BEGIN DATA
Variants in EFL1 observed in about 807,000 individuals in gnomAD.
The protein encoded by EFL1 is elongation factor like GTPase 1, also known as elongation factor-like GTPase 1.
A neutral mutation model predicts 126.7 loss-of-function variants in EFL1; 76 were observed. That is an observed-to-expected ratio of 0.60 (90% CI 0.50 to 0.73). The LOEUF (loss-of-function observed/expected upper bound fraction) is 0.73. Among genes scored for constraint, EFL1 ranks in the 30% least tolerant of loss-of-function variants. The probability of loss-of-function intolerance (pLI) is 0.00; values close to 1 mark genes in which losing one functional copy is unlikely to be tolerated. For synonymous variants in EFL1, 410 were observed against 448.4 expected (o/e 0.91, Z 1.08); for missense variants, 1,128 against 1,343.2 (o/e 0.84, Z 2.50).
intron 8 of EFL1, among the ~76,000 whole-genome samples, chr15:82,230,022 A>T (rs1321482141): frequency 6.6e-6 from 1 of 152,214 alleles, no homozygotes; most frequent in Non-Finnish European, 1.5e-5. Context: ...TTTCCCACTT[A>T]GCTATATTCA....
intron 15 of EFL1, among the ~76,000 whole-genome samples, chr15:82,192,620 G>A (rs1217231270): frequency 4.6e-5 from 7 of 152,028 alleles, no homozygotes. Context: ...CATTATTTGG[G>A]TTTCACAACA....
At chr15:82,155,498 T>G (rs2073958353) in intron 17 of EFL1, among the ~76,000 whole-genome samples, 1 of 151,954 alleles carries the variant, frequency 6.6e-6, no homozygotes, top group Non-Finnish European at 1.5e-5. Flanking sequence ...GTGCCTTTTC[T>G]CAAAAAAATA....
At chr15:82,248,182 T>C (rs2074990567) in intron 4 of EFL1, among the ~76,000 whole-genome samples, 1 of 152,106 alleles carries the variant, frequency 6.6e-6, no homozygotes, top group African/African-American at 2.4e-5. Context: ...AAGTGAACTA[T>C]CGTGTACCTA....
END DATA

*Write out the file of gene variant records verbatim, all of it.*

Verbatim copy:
Variants in EFL1 observed in about 807,000 individuals in gnomAD.
The protein encoded by EFL1 is elongation factor like GTPase 1, also known as elongation factor-like GTPase 1.
A neutral mutation model predicts 126.7 loss-of-function variants in EFL1; 76 were observed. That is an observed-to-expected ratio of 0.60 (90% CI 0.50 to 0.73). The LOEUF (loss-of-function observed/expected upper bound fraction) is 0.73. Among genes scored for constraint, EFL1 ranks in the 30% least tolerant of loss-of-function variants. The probability of loss-of-function intolerance (pLI) is 0.00; values close to 1 mark genes in which losing one functional copy is unlikely to be tolerated. For synonymous variants in EFL1, 410 were observed against 448.4 expected (o/e 0.91, Z 1.08); for missense variants, 1,128 against 1,343.2 (o/e 0.84, Z 2.50).
intron 8 of EFL1, among the ~76,000 whole-genome samples, chr15:82,230,022 A>T (rs1321482141): frequency 6.6e-6 from 1 of 152,214 alleles, no homozygotes; most frequent in Non-Finnish European, 1.5e-5. Context: ...TTTCCCACTT[A>T]GCTATATTCA....
intron 15 of EFL1, among the ~76,000 whole-genome samples, chr15:82,192,620 G>A (rs1217231270): frequency 4.6e-5 from 7 of 152,028 alleles, no homozygotes. Context: ...CATTATTTGG[G>A]TTTCACAACA....
At chr15:82,155,498 T>G (rs2073958353) in intron 17 of EFL1, among the ~76,000 whole-genome samples, 1 of 151,954 alleles carries the variant, frequency 6.6e-6, no homozygotes, top group Non-Finnish European at 1.5e-5. Flanking sequence ...GTGCCTTTTC[T>G]CAAAAAAATA....
At chr15:82,248,182 T>C (rs2074990567) in intron 4 of EFL1, among the ~76,000 whole-genome samples, 1 of 152,106 alleles carries the variant, frequency 6.6e-6, no homozygotes, top group African/African-American at 2.4e-5. Context: ...AAGTGAACTA[T>C]CGTGTACCTA....